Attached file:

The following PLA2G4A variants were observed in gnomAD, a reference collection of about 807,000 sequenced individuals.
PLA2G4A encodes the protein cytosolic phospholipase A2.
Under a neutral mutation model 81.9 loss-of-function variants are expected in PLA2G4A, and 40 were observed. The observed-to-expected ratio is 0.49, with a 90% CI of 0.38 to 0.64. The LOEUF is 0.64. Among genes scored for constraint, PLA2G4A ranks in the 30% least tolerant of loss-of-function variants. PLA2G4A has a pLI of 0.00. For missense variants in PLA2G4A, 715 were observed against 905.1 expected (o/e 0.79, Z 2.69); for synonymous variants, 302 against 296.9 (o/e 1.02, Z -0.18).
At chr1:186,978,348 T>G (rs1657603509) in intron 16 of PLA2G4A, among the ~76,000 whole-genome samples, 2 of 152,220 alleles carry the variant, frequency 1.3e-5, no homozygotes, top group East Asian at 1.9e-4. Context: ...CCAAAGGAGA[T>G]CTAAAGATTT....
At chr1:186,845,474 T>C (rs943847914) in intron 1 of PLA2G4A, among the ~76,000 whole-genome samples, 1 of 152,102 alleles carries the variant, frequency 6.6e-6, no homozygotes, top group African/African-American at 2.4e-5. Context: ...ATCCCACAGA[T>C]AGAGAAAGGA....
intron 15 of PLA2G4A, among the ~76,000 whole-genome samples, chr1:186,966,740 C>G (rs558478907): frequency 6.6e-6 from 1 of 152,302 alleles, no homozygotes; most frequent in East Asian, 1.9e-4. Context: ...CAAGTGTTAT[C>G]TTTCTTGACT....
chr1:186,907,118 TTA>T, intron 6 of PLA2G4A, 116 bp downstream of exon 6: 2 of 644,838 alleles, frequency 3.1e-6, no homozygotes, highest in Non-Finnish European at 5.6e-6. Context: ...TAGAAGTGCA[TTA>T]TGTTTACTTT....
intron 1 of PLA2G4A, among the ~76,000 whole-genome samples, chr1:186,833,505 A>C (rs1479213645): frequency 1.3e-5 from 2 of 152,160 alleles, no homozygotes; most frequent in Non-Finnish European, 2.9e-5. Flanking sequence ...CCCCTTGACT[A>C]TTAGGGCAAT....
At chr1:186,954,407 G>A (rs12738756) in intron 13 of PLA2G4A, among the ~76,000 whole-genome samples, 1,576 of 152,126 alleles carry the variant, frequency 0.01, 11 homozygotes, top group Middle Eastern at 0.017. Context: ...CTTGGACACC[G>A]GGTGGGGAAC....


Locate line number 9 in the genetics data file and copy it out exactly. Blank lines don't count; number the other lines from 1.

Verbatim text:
At chr1:186,954,407 G>A (rs12738756) in intron 13 of PLA2G4A, among the ~76,000 whole-genome samples, 1,576 of 152,126 alleles carry the variant, frequency 0.01, 11 homozygotes, top group Middle Eastern at 0.017. Context: ...CTTGGACACC[G>A]GGTGGGGAAC....